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  8. 8.2 hrs • 6/5/2012 • Unabridged

    New research indicates that crows are among the brightest animals in the world. And professor of wildlife science at the University of Washington John Marzluff has done some of the most extraordinary research on crows, which has been featured in the New York Times, National Geographic, and the Chicago Tribune, as well as on NPR and PBS. Now he teams up with artist and fellow naturalist Tony Angell to offer an in-depth look at these incredible creatures—in a book that is brimming with surprises. Redefining the notion of “bird brain,” crows and ravens are often called feathered apes because of their clever tool-making and their ability to respond to environmental challenges, including those posed by humans. Indeed, their long lives, social habits, and large complex brains allow them to observe and learn from us and our social gatherings. Their marvelous brains allow crows to think, plan, and reconsider their actions. In these and other enthralling revelations, Marzluff and Angell portray creatures that are nothing short of amazing: they play, bestow gifts on people who help or feed them, use cars as nutcrackers, seek revenge on animals that harass them, are tricksters that lure birds to their deaths, and dream. The authors marvel at crows’ behavior that we humans would find strangely familiar, from delinquency and risk taking to passion and frolic. A testament to years of painstaking research, this riveting work is a thrilling look at one of nature’s most wondrous creatures.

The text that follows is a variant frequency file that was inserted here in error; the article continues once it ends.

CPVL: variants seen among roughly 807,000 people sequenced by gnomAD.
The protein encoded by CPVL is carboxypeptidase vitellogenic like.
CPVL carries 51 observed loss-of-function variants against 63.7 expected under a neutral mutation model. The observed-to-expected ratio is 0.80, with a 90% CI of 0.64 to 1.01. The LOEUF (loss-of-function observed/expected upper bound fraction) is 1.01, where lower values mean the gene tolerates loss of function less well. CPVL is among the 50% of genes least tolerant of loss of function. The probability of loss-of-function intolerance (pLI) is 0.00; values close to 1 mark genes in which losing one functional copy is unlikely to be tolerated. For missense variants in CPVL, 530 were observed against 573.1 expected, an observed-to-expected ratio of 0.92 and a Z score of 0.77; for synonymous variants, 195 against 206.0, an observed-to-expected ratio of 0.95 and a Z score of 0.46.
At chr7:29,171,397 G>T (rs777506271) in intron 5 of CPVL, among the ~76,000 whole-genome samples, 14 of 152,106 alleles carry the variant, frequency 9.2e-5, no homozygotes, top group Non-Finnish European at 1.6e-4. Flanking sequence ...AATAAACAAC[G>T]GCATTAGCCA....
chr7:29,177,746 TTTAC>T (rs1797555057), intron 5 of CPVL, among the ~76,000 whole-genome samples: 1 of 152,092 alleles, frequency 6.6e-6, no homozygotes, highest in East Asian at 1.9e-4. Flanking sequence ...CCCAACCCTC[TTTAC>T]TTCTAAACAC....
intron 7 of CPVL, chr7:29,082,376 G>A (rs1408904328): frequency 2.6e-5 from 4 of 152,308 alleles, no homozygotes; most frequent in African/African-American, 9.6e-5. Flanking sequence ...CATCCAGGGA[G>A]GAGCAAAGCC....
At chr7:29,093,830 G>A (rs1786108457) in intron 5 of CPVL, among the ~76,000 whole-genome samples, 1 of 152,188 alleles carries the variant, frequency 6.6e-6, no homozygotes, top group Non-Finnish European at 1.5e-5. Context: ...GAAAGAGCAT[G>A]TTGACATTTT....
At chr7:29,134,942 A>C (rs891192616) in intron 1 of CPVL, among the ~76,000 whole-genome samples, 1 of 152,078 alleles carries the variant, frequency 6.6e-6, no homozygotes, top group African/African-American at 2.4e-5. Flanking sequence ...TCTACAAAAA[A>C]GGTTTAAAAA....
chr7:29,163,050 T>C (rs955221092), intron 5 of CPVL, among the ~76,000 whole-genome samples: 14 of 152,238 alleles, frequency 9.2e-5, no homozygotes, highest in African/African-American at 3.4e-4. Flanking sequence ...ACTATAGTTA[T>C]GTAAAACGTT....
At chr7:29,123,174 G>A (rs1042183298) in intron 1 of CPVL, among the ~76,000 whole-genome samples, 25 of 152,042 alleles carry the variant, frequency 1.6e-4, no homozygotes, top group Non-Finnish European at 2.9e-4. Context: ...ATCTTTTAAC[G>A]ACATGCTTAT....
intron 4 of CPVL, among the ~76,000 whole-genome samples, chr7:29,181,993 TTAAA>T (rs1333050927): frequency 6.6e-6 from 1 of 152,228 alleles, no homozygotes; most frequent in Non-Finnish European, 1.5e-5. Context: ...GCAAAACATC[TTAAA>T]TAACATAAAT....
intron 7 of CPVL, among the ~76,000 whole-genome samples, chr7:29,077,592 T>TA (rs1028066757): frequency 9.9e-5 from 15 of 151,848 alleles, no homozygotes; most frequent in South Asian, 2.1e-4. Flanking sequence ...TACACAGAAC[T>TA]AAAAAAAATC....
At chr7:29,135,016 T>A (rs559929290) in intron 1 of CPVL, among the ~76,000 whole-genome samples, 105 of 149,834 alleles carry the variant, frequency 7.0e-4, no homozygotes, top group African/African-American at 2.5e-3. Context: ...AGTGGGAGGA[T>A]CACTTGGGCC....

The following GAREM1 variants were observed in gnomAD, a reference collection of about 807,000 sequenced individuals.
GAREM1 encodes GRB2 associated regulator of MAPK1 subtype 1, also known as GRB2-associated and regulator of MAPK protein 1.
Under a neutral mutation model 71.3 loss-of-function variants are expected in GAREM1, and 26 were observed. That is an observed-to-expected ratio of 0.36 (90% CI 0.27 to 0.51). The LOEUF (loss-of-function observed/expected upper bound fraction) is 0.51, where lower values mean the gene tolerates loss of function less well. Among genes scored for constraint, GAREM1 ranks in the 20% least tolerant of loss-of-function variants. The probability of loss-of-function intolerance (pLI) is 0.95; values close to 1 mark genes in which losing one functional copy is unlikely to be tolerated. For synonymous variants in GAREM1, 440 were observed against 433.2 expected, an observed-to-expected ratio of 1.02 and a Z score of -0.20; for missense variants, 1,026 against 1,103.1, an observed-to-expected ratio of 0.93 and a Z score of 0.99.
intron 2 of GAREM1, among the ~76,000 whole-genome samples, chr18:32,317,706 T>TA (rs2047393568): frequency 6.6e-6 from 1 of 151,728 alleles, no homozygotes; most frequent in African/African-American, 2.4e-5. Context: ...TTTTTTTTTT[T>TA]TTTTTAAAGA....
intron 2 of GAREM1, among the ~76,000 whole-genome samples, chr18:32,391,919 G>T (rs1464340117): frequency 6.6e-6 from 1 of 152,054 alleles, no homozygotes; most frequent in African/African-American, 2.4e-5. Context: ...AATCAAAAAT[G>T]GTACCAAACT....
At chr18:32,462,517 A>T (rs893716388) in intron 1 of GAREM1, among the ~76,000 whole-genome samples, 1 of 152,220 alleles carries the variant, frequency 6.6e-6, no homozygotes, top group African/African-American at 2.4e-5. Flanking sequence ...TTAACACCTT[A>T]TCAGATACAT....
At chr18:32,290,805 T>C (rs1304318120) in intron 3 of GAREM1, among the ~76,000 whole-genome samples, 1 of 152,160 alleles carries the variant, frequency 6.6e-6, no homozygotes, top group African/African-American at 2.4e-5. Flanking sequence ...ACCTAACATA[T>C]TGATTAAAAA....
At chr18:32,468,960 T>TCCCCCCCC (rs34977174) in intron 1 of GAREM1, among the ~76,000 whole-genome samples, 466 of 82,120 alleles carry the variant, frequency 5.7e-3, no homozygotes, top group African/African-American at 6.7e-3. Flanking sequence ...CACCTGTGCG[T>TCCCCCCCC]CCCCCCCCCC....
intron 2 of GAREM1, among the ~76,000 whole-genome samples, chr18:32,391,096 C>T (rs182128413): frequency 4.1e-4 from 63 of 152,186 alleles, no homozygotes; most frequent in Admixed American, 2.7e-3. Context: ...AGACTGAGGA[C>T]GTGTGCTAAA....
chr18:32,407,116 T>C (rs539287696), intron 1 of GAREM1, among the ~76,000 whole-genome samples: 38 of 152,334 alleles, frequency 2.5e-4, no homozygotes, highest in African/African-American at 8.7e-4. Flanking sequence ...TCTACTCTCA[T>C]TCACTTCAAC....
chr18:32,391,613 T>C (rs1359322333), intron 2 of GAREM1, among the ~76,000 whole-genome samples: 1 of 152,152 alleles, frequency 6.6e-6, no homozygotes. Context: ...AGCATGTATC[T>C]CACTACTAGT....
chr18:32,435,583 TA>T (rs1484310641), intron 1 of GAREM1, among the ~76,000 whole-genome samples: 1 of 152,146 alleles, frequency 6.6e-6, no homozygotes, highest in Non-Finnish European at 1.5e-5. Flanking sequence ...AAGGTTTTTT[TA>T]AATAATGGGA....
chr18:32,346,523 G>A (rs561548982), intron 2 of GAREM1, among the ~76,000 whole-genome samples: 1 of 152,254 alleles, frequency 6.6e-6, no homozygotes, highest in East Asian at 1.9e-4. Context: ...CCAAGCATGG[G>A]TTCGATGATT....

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    Gifts of the Crow

    8.2 hrs • 6/5/12 • Unabridged
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  9. 1.0 hrs • 6/1/2010 • Unabridged

    Are birds monogamous? Why do kookaburras laugh? Is the ivory-billed woodpecker really extinct? These fascinating stories feature the delightful and exotic sounds of birds, plus astute and informative commentary from bird lovers, bird experts, and sometimes birds themselves. Learn how naturalist F. Schuyler Matthews translated bird song into musical notes. Discover how the city of Chicago has drawn purple martins back to Lake Michigan, their historic habitat. Find out everything you want to know about the lyrebird’s glorious tail. If you’re a bird lover, this is for you. The NPR Sound Treks series brings the outdoors to life with outstanding audio documentaries, stories, and commentary from the NPR archives. Each volume features sounds from nature, insights from experts and others who love the outdoor experience (naturalists, zoologists, biologists, adventurers, even a cowgirl), and vivid storytelling that captures the excitement of the wilderness.

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    NPR Sound Treks: Birds

    Produced by NPR
    Hosted by Jon Hamilton
    1.0 hrs • 6/1/10 • Unabridged
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  10. 5.6 hrs • 9/1/2004 • Abridged